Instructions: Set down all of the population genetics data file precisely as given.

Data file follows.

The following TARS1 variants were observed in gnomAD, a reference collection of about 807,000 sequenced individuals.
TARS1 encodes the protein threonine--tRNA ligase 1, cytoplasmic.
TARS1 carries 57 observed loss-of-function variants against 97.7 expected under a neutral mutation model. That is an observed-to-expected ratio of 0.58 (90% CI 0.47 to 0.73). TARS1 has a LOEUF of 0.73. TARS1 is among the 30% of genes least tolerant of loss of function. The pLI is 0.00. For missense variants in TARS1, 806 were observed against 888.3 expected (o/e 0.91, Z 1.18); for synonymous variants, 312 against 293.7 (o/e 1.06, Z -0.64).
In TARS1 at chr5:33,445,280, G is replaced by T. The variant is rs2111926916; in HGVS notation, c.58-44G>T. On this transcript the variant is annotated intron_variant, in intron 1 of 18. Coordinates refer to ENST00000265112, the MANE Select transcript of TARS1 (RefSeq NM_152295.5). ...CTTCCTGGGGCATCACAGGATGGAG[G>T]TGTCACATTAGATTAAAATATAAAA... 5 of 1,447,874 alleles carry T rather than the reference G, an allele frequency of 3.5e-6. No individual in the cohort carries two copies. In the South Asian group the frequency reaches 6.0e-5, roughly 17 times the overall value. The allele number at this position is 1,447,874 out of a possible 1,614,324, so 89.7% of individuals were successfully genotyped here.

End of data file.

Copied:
The following TARS1 variants were observed in gnomAD, a reference collection of about 807,000 sequenced individuals.
TARS1 encodes the protein threonine--tRNA ligase 1, cytoplasmic.
TARS1 carries 57 observed loss-of-function variants against 97.7 expected under a neutral mutation model. That is an observed-to-expected ratio of 0.58 (90% CI 0.47 to 0.73). TARS1 has a LOEUF of 0.73. TARS1 is among the 30% of genes least tolerant of loss of function. The pLI is 0.00. For missense variants in TARS1, 806 were observed against 888.3 expected (o/e 0.91, Z 1.18); for synonymous variants, 312 against 293.7 (o/e 1.06, Z -0.64).
In TARS1 at chr5:33,445,280, G is replaced by T. The variant is rs2111926916; in HGVS notation, c.58-44G>T. On this transcript the variant is annotated intron_variant, in intron 1 of 18. Coordinates refer to ENST00000265112, the MANE Select transcript of TARS1 (RefSeq NM_152295.5). ...CTTCCTGGGGCATCACAGGATGGAG[G>T]TGTCACATTAGATTAAAATATAAAA... 5 of 1,447,874 alleles carry T rather than the reference G, an allele frequency of 3.5e-6. No individual in the cohort carries two copies. In the South Asian group the frequency reaches 6.0e-5, roughly 17 times the overall value. The allele number at this position is 1,447,874 out of a possible 1,614,324, so 89.7% of individuals were successfully genotyped here.